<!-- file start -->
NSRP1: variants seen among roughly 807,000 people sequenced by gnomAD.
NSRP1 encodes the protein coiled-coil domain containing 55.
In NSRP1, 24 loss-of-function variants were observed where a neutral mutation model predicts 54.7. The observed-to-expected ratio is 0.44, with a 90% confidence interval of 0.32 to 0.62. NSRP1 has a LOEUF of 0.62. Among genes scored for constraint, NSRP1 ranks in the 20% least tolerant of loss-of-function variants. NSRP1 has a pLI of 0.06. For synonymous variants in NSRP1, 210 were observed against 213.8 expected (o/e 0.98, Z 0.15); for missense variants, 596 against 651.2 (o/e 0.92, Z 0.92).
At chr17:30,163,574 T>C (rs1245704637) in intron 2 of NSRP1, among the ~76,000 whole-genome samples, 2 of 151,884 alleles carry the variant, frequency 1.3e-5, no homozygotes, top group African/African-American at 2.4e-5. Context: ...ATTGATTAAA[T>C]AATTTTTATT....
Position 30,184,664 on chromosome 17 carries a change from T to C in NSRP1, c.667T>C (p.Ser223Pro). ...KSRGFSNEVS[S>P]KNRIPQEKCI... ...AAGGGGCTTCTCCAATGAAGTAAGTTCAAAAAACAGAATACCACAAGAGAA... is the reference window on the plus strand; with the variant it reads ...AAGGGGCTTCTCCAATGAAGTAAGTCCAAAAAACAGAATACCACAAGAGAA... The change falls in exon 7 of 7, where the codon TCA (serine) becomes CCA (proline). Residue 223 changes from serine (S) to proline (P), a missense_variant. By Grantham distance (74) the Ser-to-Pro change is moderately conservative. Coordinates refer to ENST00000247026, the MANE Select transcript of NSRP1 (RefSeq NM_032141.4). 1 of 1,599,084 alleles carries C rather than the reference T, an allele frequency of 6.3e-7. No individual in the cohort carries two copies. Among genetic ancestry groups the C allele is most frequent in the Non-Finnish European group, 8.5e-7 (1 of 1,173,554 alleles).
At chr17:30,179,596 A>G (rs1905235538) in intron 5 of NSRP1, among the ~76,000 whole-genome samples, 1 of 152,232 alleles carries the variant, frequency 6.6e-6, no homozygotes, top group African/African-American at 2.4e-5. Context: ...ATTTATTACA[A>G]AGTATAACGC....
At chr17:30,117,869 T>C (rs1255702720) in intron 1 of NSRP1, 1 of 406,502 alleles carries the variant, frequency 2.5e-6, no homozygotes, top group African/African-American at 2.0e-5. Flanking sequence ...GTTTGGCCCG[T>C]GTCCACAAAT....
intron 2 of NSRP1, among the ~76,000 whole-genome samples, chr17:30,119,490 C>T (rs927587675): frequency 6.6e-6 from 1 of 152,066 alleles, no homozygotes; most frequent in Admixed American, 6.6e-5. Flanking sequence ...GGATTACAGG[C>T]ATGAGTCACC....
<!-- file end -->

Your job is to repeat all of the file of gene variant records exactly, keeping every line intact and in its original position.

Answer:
NSRP1: variants seen among roughly 807,000 people sequenced by gnomAD.
NSRP1 encodes the protein coiled-coil domain containing 55.
In NSRP1, 24 loss-of-function variants were observed where a neutral mutation model predicts 54.7. The observed-to-expected ratio is 0.44, with a 90% confidence interval of 0.32 to 0.62. NSRP1 has a LOEUF of 0.62. Among genes scored for constraint, NSRP1 ranks in the 20% least tolerant of loss-of-function variants. NSRP1 has a pLI of 0.06. For synonymous variants in NSRP1, 210 were observed against 213.8 expected (o/e 0.98, Z 0.15); for missense variants, 596 against 651.2 (o/e 0.92, Z 0.92).
At chr17:30,163,574 T>C (rs1245704637) in intron 2 of NSRP1, among the ~76,000 whole-genome samples, 2 of 151,884 alleles carry the variant, frequency 1.3e-5, no homozygotes, top group African/African-American at 2.4e-5. Context: ...ATTGATTAAA[T>C]AATTTTTATT....
Position 30,184,664 on chromosome 17 carries a change from T to C in NSRP1, c.667T>C (p.Ser223Pro). ...KSRGFSNEVS[S>P]KNRIPQEKCI... ...AAGGGGCTTCTCCAATGAAGTAAGTTCAAAAAACAGAATACCACAAGAGAA... is the reference window on the plus strand; with the variant it reads ...AAGGGGCTTCTCCAATGAAGTAAGTCCAAAAAACAGAATACCACAAGAGAA... The change falls in exon 7 of 7, where the codon TCA (serine) becomes CCA (proline). Residue 223 changes from serine (S) to proline (P), a missense_variant. By Grantham distance (74) the Ser-to-Pro change is moderately conservative. Coordinates refer to ENST00000247026, the MANE Select transcript of NSRP1 (RefSeq NM_032141.4). 1 of 1,599,084 alleles carries C rather than the reference T, an allele frequency of 6.3e-7. No individual in the cohort carries two copies. Among genetic ancestry groups the C allele is most frequent in the Non-Finnish European group, 8.5e-7 (1 of 1,173,554 alleles).
At chr17:30,179,596 A>G (rs1905235538) in intron 5 of NSRP1, among the ~76,000 whole-genome samples, 1 of 152,232 alleles carries the variant, frequency 6.6e-6, no homozygotes, top group African/African-American at 2.4e-5. Context: ...ATTTATTACA[A>G]AGTATAACGC....
At chr17:30,117,869 T>C (rs1255702720) in intron 1 of NSRP1, 1 of 406,502 alleles carries the variant, frequency 2.5e-6, no homozygotes, top group African/African-American at 2.0e-5. Flanking sequence ...GTTTGGCCCG[T>C]GTCCACAAAT....
intron 2 of NSRP1, among the ~76,000 whole-genome samples, chr17:30,119,490 C>T (rs927587675): frequency 6.6e-6 from 1 of 152,066 alleles, no homozygotes; most frequent in Admixed American, 6.6e-5. Flanking sequence ...GGATTACAGG[C>T]ATGAGTCACC....